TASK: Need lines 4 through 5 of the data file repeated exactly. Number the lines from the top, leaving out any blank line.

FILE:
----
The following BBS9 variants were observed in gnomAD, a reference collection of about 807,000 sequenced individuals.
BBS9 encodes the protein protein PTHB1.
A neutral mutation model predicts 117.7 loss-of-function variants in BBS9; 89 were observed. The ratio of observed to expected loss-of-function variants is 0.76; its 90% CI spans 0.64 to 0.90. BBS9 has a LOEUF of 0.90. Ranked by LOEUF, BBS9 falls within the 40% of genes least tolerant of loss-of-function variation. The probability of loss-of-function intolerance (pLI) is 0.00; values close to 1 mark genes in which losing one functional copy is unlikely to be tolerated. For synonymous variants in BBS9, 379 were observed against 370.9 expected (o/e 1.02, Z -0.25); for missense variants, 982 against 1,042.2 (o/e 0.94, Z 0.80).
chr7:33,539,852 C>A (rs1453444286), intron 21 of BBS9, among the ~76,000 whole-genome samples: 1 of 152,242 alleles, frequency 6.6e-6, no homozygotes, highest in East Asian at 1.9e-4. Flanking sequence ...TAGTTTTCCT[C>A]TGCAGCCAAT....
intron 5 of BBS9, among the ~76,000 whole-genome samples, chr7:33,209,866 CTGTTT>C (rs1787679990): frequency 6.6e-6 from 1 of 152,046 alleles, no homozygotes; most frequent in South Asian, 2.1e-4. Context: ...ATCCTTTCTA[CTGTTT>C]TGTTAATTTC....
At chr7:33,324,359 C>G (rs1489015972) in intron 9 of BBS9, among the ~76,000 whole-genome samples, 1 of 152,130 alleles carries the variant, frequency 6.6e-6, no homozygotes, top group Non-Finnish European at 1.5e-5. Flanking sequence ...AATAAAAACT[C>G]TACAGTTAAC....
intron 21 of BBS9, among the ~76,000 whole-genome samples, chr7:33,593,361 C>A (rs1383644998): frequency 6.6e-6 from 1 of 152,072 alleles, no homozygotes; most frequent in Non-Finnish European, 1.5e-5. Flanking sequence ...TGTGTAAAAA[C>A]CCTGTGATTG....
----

chr7:33,539,852 C>A (rs1453444286), intron 21 of BBS9, among the ~76,000 whole-genome samples: 1 of 152,242 alleles, frequency 6.6e-6, no homozygotes, highest in East Asian at 1.9e-4. Flanking sequence ...TAGTTTTCCT[C>A]TGCAGCCAAT....
intron 5 of BBS9, among the ~76,000 whole-genome samples, chr7:33,209,866 CTGTTT>C (rs1787679990): frequency 6.6e-6 from 1 of 152,046 alleles, no homozygotes; most frequent in South Asian, 2.1e-4. Context: ...ATCCTTTCTA[CTGTTT>C]TGTTAATTTC....